In the universe of comic books, Jim Steranko is a superhero. While writing and drawing Nick Fury, Agent of S.H.I.E.L.D. for Marvel Comics in the 1960s, he elevated 12-cent rags into modern art, with mature themes and storytelling innovations that attacked the page and stripped it of its strictly formatted structure. Eye-patched Nick Fury had been a second-tier Marvel character who couldn’t even carry his own book — he slummed in Strange Tales with Dr. Strange — but in Steranko’s hands, his adventures read like a James Bond film directed by Salvador Dalí. ”Jim’s work was very powerful, very sexual, very cinematic,” says Scott Dunbier, director of special projects at IDW Publishing. ”It was unlike anything that was coming out at the time, and to this day, there are guys out there who feel that Jim Steranko is the greatest comic-book artist of all time.”
Steranko. The name alone evokes awe in serious comic-book fans who recognize that the 30 stories he told in the late ’60s — including some classic Captain America and X-Men titles — were a thunderclap, and a turning point, for the industry. ”For a guy who has produced a fraction of the pages that someone like Will Eisner or Jack Kirby produced, I challenge you to find someone who has cast a longer shadow,” says Matt Fraction, who writes Casanova, a character heavily influenced by Steranko’s superspy. ”If Eisner gave comics their brains and Kirby gave them their strength, Steranko gave comics their cool.”
From the moment he walked off the street into Stan Lee’s Marvel office and left with the Nick Fury assignment, Steranko himself epitomized cool. Longtime Marvel secretary Flo Steinberg used to say the staff all looked like sweaty schlubs, except for the dashing fellow who always wore a suit and skinny tie. That was Steranko, and he melded his persona with Fury’s, giving the lowercase superhero his fashion sense, his attitude, even his swanky apartment.
If part of Fury was Steranko, the reverse was also true. Steranko cultivated a larger-than-life image — a real-life cross between Chuck Norris and Dos Equis’ Most Interesting Man in the World. Before his comic-book fame, he was a hardscrabble kid from Pennsylvania coal country who became a professional magician, a Houdini-esque escape artist, and a rocker who played dates with Bill Haley and claims to have invented go-go girls. After Marvel, he penned a noir mystery that may have been the first graphic novel, produced a two-volume History of Comics, flummoxed Orson Welles in a battle of wits, conceived the look of Indiana Jones for George Lucas and Steven Spielberg, and published Prevue, a long-running monthly entertainment magazine. He inspired the daredevil-turned-comics writer Joe Kavalier in Michael Chabon’s award-winning novel The Amazing Adventures of Kavalier & Clay, and Jack Kirby based the comic book Mister Miracle on his exploits. Oh, and he says he thrives on only two hours of sleep.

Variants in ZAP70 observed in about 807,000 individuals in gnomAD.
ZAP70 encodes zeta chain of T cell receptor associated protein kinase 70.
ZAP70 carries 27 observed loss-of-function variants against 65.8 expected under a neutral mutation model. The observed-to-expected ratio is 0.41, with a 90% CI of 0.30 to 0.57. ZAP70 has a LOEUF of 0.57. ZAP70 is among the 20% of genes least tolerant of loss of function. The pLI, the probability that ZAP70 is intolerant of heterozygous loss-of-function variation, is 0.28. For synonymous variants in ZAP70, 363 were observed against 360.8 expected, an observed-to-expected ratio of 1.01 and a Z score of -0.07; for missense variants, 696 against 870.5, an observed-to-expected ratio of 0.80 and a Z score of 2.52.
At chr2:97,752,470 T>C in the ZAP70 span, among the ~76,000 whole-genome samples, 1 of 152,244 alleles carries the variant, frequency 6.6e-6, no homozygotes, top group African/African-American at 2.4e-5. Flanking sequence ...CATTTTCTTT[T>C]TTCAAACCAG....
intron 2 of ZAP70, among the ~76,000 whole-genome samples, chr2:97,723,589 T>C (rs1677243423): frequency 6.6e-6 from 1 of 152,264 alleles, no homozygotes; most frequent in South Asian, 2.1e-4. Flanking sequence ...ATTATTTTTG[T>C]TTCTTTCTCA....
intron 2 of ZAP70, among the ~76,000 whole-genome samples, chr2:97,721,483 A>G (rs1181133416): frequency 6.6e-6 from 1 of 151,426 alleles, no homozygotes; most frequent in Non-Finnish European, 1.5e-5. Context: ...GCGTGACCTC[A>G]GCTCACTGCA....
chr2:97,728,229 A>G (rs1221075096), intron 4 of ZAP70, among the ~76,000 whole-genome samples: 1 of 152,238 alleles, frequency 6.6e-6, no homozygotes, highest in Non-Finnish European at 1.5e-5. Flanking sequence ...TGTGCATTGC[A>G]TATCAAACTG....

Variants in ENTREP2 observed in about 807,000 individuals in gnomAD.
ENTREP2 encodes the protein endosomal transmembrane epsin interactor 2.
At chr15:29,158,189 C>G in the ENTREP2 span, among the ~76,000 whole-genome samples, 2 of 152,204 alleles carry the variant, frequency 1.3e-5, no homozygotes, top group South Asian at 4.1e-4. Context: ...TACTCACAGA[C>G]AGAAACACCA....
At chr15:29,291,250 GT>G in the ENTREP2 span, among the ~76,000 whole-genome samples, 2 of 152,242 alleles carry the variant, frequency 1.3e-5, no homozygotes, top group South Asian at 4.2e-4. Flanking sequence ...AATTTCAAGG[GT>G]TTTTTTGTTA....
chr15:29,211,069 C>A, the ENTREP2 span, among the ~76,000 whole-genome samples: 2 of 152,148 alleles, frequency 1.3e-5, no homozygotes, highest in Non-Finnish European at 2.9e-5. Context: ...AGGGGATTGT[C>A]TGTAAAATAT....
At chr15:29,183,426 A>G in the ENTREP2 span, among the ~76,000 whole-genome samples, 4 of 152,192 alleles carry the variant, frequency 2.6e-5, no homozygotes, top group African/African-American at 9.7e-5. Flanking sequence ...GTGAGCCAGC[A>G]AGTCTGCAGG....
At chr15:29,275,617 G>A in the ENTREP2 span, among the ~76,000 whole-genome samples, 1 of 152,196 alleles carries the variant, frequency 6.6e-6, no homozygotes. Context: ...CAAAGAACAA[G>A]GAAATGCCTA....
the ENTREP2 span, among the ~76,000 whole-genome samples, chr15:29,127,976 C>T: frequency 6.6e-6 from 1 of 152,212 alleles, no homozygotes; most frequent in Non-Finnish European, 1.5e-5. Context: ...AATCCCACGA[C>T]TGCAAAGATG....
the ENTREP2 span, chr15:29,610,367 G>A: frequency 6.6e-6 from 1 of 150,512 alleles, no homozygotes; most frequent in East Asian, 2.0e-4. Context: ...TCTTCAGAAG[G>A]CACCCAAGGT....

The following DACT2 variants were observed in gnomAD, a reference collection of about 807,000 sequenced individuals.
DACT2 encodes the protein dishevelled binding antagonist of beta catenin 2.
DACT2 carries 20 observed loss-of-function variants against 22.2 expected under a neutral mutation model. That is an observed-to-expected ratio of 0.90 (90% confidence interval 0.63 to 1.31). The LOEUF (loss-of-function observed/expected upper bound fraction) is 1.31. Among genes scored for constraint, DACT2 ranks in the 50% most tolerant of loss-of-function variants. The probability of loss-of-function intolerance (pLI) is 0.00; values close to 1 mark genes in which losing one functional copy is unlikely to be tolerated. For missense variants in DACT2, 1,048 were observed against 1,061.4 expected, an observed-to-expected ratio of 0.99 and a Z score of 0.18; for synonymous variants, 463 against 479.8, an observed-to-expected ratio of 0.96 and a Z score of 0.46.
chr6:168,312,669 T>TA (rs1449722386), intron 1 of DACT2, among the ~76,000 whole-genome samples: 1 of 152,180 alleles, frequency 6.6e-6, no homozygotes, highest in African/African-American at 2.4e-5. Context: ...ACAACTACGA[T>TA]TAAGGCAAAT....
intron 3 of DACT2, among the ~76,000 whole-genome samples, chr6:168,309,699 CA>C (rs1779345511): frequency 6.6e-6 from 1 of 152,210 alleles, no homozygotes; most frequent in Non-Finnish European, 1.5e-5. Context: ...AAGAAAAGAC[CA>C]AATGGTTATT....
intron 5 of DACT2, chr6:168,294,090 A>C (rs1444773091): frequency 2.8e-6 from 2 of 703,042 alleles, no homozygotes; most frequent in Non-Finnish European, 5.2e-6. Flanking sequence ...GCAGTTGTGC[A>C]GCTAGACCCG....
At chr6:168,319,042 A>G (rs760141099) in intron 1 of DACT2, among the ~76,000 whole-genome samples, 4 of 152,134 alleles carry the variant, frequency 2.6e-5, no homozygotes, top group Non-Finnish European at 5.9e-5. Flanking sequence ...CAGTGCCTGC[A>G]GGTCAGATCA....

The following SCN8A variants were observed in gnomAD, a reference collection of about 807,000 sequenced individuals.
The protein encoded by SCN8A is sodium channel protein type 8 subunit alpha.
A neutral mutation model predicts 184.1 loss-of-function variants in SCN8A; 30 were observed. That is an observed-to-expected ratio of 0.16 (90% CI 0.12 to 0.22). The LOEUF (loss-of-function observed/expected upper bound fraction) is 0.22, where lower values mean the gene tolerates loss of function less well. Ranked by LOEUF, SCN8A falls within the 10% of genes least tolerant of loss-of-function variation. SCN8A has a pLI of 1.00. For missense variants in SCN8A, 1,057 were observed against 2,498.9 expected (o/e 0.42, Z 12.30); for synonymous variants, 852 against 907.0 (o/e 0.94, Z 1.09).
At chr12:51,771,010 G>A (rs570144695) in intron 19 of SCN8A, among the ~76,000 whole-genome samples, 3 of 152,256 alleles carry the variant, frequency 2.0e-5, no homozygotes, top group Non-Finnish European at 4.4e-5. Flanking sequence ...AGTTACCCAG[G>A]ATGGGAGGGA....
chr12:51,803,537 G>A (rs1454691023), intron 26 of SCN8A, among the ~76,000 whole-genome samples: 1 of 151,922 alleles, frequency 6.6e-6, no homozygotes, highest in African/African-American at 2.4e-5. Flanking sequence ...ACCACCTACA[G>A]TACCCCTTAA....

In person, the 75-year-old is a live wire of energy, still dapper and a master raconteur. Think Robert Evans with an acrobat’s demeanor, jumping out of his seat to demonstrate a gladiator’s slashing technique or firmly gripping a guest’s wrist to re-create a confrontation he had with a stubborn editor who crossed him decades ago. He relishes his fame and infamy, though he mixes it with hints of humility: ”There’s a lot of stuff that’s been written [about me], but really it’s like R. Crumb says, ‘It’s only lines on paper.”’
Growing up in Reading, Pa., Steranko learned to read from his uncle’s dog-eared comics. Captain America was his favorite, not only because the patriot fought Nazis at a time of real national crisis but because he represented hope to a poor kid who was savagely and repeatedly beaten by a local gang of teenage hoodlums. ”I began to get the idea that they’d kill me sooner or later,” he says. ”I never expected to live past my teens, but if you’re going to die tomorrow, you can do anything because you have nothing to lose.”
He eventually took on his tormentors with knives and zip guns, followed by his own run-ins with the law — car thefts and burglaries. He was drawn to danger. Studying Harry Houdini’s work and developing his own methods for lock breaking, he became regionally famous for death-defying escapes from local jails, straitjackets, and underwater steel barrels.
In his 20s, Steranko rediscovered comic books while juggling a full-time job as an art director at an advertising agency — he was the Don Draper of eastern Pennsylvania — with burgeoning careers as the lead singer and self-taught guitarist of a jazz-rock band and the author of how-to books of magic tricks. (One card trick ultimately stumped Welles.)
At a New York comics convention in 1965, one of his etchings caught the eye of Captain America co-creator Joe Simon, who was then editing Harvey Comics. Simon hired Steranko and built issues around his characters, including the Glowing Gladiator and Magic Master, to challenge Marvel and DC. All the series tanked, but Steranko built up the courage to ask Simon if he could draw one of the minor books. ”In his infinite wisdom, Joe said, ‘You can’t draw.”’ Steranko’s response: ”F—! You! Joe!”